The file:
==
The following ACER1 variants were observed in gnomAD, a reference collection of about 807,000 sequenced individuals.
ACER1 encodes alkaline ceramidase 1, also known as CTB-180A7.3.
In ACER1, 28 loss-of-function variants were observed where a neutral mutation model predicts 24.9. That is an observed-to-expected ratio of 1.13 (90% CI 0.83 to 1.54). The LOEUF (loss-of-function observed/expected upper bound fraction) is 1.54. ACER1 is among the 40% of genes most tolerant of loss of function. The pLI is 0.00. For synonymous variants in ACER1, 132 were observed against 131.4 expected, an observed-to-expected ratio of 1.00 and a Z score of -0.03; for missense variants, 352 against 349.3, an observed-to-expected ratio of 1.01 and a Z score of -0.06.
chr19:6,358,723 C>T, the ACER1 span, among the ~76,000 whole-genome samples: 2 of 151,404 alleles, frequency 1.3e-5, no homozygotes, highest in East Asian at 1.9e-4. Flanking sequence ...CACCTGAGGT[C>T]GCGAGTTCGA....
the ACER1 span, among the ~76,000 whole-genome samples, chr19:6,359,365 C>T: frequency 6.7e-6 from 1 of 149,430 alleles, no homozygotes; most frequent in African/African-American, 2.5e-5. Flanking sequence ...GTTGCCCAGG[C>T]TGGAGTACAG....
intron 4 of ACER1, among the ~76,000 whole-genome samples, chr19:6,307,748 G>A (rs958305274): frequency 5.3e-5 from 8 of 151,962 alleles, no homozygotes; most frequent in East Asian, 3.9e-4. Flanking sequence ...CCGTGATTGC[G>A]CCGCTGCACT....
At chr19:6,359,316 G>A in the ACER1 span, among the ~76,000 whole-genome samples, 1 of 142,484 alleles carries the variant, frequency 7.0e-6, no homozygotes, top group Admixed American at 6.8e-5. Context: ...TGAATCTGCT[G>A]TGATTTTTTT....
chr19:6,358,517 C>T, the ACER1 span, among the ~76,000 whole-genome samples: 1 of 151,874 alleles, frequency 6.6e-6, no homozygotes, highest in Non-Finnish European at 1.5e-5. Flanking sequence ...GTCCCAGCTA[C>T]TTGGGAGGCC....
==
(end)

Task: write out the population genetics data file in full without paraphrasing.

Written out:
The following ACER1 variants were observed in gnomAD, a reference collection of about 807,000 sequenced individuals.
ACER1 encodes alkaline ceramidase 1, also known as CTB-180A7.3.
In ACER1, 28 loss-of-function variants were observed where a neutral mutation model predicts 24.9. That is an observed-to-expected ratio of 1.13 (90% CI 0.83 to 1.54). The LOEUF (loss-of-function observed/expected upper bound fraction) is 1.54. ACER1 is among the 40% of genes most tolerant of loss of function. The pLI is 0.00. For synonymous variants in ACER1, 132 were observed against 131.4 expected, an observed-to-expected ratio of 1.00 and a Z score of -0.03; for missense variants, 352 against 349.3, an observed-to-expected ratio of 1.01 and a Z score of -0.06.
chr19:6,358,723 C>T, the ACER1 span, among the ~76,000 whole-genome samples: 2 of 151,404 alleles, frequency 1.3e-5, no homozygotes, highest in East Asian at 1.9e-4. Flanking sequence ...CACCTGAGGT[C>T]GCGAGTTCGA....
the ACER1 span, among the ~76,000 whole-genome samples, chr19:6,359,365 C>T: frequency 6.7e-6 from 1 of 149,430 alleles, no homozygotes; most frequent in African/African-American, 2.5e-5. Flanking sequence ...GTTGCCCAGG[C>T]TGGAGTACAG....
intron 4 of ACER1, among the ~76,000 whole-genome samples, chr19:6,307,748 G>A (rs958305274): frequency 5.3e-5 from 8 of 151,962 alleles, no homozygotes; most frequent in East Asian, 3.9e-4. Flanking sequence ...CCGTGATTGC[G>A]CCGCTGCACT....
At chr19:6,359,316 G>A in the ACER1 span, among the ~76,000 whole-genome samples, 1 of 142,484 alleles carries the variant, frequency 7.0e-6, no homozygotes, top group Admixed American at 6.8e-5. Context: ...TGAATCTGCT[G>A]TGATTTTTTT....
chr19:6,358,517 C>T, the ACER1 span, among the ~76,000 whole-genome samples: 1 of 151,874 alleles, frequency 6.6e-6, no homozygotes, highest in Non-Finnish European at 1.5e-5. Flanking sequence ...GTCCCAGCTA[C>T]TTGGGAGGCC....